4. Changes in the Uterine Endometrium

The endometrium (see Figure 13-8) and vaginal epithelium undergo very striking morphological changes throughout the 28 days of the menstrual cycle. During the first half of each menstrual cycle, which is often denoted the follicular or preovulatory phase, the estrogen concentrations gradually increase to reach a maximum 24 hr before ovulation, while the progesterone concentrations are relatively low. These changes in estrogen, with a low progesterone value, stimulate the endometrium to increase in thickness from 1 to 3-5 mm. Then, 36 hr after ovulation, which signals the initiation of the luteal or postovulatory phase, the progesterone concentration rises sharply due to its secretion from the corpus luteum (see Figure 13-7). Simultaneously estrogen levels are maintained at levels two-thirds of their previous maximum. This balance of progesterone and estrogen induces further specific morphological changes in the endometrium. Glycogen-containing granules appear in the glandular cells; additionally, the glands of the endometrium become increasingly tortuous. This phase of the cycle is also termed the secretory phase since the lumens of the endometrial glands are filled with secretions. The endometrium also becomes highly vascularized with the ingrowth of new spiral arteries from the arcuate vessels of the myometrium. The growth of these spiral arteries is stimulated by estrogen.

In the event that fertilization and implantation do not occur, the stromal edema decreases, the glandular secretions diminish, and the endometrium is invaded by lymphocytes. The concentrations of estrogen and progesterone both fall sharply at days 27-28 of the cycle as a consequence of the involution of the corpus luteum. At the time of the rapid fall in estrogen and progesterone at the end of the luteal phase, the spiral arteries become constricted. Accordingly, blood flow through the capillaries supported by these arteries diminishes. Eventually blood stasis and stromal degeneration follow, and the endometrial tissue is sloughed off.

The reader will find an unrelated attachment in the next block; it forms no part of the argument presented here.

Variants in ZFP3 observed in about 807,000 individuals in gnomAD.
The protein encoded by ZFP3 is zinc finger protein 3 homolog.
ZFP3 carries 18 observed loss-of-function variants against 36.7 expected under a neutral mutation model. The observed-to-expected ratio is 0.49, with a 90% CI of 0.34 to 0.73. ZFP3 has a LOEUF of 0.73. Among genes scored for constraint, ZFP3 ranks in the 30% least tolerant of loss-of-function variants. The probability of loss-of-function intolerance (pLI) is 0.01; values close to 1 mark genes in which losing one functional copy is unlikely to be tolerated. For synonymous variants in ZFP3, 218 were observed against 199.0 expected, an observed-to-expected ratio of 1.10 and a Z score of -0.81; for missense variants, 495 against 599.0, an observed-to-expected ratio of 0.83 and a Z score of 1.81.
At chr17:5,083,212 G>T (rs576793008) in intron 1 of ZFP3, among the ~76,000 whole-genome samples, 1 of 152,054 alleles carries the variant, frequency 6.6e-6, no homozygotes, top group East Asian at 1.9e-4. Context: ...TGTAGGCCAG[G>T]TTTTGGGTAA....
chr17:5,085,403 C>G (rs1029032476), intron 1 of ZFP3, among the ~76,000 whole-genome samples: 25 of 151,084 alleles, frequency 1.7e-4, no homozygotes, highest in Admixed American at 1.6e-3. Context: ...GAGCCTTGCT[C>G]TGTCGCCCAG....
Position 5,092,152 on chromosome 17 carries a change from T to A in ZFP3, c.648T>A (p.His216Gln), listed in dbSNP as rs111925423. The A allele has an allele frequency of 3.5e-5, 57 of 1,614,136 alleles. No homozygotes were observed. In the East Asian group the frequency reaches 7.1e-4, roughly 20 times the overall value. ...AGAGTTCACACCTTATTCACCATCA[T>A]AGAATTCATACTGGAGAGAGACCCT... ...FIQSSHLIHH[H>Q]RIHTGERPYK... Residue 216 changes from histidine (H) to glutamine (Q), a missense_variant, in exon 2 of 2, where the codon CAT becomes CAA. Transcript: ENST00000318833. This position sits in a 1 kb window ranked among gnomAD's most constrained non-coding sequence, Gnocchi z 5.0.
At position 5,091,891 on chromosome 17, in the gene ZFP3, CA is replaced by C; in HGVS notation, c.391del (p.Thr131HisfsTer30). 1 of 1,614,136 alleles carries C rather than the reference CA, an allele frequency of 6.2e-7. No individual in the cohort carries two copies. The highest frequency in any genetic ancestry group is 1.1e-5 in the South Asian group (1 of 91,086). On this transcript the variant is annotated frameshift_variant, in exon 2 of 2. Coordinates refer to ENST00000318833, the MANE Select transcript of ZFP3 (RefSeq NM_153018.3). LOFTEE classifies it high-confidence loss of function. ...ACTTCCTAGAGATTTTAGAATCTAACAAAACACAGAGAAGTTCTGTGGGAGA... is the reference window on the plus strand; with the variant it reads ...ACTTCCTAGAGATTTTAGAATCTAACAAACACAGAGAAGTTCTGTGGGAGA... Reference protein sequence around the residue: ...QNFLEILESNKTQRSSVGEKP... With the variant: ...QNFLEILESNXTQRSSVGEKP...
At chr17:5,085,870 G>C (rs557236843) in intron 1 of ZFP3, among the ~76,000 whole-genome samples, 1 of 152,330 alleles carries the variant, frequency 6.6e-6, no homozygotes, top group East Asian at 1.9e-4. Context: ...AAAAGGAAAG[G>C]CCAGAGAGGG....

C. Menopause

Menopause is defined as the cessation of ovulation by the ovaries. This occurs in women between ages 40 and 50 years due to the utilization of the fixed number of follicles that were established in the fetal ovaries. Each month of ovulation, several follicles disappear by the process of atresia, and normally only one matures to contribute an ovum. Thus, at some interval in the fourth decade there are no more follicles available to support this cyclical process. The endocrinological consequences of cessation of ovulation are varied, and a variety of medical problems may develop, depending upon the exact nature of the reproductive hormonal balance achieved

In the postmenopausal woman, the average blood concentrations of FSH and LH remain elevated for the remainder of life. The postmenopausal secretion of immunoreactive LH is 7-fold higher and that of FSH is 3-fold higher than in a premenopausal woman. While the postmenopausal ovary is not totally devoid of the ability to secrete steroids, the production level is markedly reduced in comparison to a younger, ovulating woman. In menopausal women the major circulating estrogen is estrone; this is formed almost exclusively by aromatization of androstenedione by the adrenals as well as by adipose tissue and muscle. The control of LH and FSH secretion in postmenopausal women is mediated via a short feedback loop wherein FSH and LH themselves act on the hypothalamus in conjunction with steroids that are largely derived from the adrenals.

0 0

Post a comment